Researchers monitor nutrient footprint from offshore aquaculture
A study led by scientists at the University of Miami (UM) Rosenstiel School of Marine and Atmospheric Science found minimal environmental impacts to the surrounding waters from a major commercial fish-farming operation off the coast of Panama.
A new study led by scientists at the University of Miami (UM) Rosenstiel School of Marine and Atmospheric Science found minimal environmental impacts to the surrounding waters from a major commercial fish-farming operation off the coast of Panama.
Researchers collected water samples at one upstream and three downstream locations from the submerged fish cages to investigate if there were significant or cumulative impacts resulting from locating fish farms offshore. Sediment samples were also collected to evaluate the effects of the aquaculture facility on the seafloor. The impacts of organic and inorganic pollution were evaluated, since they are one of the major concerns raised in relation to commercial aquaculture production.
The data revealed that only small amounts of nutrients are released from the farm and demonstrated that when appropriately sited, commercially scaled offshore aquaculture installations have the potential to operate in a way that produces a relatively small pollution footprint. The results also showed that any impacts from offshore fish farming are minimal compared to all other forms of animal protein production for human consumption.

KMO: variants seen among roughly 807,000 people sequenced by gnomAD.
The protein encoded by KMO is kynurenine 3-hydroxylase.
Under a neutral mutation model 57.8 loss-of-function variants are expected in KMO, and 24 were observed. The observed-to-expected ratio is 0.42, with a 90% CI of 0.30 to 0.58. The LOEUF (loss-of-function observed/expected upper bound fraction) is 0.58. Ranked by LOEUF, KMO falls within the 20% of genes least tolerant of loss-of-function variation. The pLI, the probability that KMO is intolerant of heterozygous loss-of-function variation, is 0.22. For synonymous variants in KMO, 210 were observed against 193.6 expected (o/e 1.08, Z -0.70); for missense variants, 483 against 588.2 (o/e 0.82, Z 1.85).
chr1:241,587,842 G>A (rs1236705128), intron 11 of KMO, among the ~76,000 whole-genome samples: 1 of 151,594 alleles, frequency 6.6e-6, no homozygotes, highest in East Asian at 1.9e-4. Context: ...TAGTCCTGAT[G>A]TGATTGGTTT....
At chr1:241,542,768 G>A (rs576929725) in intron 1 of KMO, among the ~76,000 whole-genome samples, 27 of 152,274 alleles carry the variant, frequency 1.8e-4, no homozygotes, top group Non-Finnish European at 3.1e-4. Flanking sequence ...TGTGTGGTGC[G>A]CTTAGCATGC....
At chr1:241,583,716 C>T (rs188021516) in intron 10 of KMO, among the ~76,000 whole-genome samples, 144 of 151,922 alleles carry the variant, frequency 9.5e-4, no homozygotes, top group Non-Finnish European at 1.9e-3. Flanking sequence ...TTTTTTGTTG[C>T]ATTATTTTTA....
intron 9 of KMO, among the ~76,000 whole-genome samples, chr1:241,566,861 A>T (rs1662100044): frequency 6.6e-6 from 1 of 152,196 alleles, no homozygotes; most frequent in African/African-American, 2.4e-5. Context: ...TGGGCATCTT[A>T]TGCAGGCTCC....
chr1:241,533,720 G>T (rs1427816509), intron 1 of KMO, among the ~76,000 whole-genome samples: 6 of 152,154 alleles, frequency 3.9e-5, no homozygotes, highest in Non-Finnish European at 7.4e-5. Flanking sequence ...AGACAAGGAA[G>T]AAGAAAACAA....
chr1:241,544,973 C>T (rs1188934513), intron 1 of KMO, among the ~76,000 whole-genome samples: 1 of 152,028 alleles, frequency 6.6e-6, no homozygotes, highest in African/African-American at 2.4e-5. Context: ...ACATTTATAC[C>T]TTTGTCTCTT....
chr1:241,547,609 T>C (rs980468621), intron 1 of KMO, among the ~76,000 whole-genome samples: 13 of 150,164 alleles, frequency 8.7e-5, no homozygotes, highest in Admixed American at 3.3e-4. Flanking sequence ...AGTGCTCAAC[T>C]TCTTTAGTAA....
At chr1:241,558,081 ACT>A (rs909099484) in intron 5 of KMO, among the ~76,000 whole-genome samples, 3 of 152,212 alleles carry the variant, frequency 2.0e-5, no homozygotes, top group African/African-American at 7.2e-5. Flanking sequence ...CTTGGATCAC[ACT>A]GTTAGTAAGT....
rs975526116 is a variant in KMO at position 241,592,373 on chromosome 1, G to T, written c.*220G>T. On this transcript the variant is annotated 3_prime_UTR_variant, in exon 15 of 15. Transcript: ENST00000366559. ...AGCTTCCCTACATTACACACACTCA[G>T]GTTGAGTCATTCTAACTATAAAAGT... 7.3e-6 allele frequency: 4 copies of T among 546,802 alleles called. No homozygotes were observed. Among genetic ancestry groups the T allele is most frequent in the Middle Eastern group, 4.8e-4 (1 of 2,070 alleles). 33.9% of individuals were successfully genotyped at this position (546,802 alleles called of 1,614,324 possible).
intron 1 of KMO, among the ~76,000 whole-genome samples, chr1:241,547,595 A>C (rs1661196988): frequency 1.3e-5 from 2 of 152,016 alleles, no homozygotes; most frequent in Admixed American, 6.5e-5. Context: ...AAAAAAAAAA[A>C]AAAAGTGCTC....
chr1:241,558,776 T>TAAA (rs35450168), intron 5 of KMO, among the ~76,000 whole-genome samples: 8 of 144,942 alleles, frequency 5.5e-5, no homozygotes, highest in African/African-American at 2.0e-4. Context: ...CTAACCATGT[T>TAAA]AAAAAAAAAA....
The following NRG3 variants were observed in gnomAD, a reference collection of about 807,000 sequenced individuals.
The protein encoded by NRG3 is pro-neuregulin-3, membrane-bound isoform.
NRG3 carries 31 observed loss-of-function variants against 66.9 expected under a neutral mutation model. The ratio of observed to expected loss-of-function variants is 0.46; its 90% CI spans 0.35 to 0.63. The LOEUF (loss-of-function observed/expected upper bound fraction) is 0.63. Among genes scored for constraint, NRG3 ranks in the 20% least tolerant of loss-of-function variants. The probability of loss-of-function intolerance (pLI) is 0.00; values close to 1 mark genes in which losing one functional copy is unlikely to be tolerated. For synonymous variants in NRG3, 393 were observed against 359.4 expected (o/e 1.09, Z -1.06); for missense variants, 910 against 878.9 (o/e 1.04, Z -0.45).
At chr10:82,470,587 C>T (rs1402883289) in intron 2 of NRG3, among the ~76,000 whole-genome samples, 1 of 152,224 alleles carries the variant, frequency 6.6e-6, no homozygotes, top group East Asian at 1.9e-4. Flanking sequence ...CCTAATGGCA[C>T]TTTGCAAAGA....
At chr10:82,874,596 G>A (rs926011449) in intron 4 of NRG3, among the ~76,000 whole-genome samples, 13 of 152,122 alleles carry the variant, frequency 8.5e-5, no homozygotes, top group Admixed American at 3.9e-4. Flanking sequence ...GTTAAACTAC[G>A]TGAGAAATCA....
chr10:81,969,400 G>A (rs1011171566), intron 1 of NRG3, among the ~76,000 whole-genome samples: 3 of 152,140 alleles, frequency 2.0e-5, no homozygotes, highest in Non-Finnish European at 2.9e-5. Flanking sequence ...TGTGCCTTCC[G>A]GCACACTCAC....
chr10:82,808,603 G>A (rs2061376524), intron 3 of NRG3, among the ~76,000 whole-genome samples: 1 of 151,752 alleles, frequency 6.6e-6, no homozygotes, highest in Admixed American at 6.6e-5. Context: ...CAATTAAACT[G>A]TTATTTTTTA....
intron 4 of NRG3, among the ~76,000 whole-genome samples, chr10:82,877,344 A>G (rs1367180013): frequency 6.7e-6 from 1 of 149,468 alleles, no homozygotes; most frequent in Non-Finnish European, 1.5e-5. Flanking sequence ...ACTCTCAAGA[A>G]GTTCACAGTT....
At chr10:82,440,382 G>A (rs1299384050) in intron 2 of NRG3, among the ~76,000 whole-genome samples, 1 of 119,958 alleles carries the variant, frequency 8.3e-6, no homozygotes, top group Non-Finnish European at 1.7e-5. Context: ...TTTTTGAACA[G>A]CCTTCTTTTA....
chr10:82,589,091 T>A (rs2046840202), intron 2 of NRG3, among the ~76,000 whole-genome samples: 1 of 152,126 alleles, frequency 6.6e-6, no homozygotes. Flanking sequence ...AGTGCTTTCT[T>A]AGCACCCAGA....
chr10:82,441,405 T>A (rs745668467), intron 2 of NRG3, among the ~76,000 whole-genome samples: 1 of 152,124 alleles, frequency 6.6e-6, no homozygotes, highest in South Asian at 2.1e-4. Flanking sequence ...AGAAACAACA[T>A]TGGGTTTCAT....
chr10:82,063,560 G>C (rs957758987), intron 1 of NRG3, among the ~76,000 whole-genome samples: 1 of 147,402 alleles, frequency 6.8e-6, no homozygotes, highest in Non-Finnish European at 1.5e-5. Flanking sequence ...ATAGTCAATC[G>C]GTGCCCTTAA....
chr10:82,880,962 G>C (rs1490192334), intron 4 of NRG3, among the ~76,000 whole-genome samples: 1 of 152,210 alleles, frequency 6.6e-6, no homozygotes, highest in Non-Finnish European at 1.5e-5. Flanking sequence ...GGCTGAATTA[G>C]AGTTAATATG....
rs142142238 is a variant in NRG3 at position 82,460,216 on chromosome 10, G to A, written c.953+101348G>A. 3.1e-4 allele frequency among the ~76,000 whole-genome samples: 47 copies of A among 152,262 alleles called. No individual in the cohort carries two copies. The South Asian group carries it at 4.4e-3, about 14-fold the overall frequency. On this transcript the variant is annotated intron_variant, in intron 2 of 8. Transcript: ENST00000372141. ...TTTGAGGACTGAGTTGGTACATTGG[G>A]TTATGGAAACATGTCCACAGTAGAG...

“We must produce 30 million metric tons of seafood to keep up with human population growth and increasing consumption of seafood – and the open ocean appears to be the best if not the only environment that would allow for this expansion,” said the study’s lead author, Aaron Welch, who conducted the study while a graduate student at the UM Rosenstiel School and UM Abess Center.
“This study is of great interest to all stakeholders concerned with the expansion of offshore aquaculture in the United States and other countries,” said the study’s co-author, Daniel Benetti, a professor in the Department or Marine Ecosystems and Society and director of aquaculture at the UM Rosenstiel School. “To our knowledge, this is the first report of its kind from a commercially scaled aquaculture facility utilizing offshore submersible cage technologies.”
Read the full study here. It received support from the NOAA Marine Fisheries Initiative (grant number NA12NMF4330087) and the NOAA Sea Grant Aquaculture Research Program (project number NA10OAR4170079).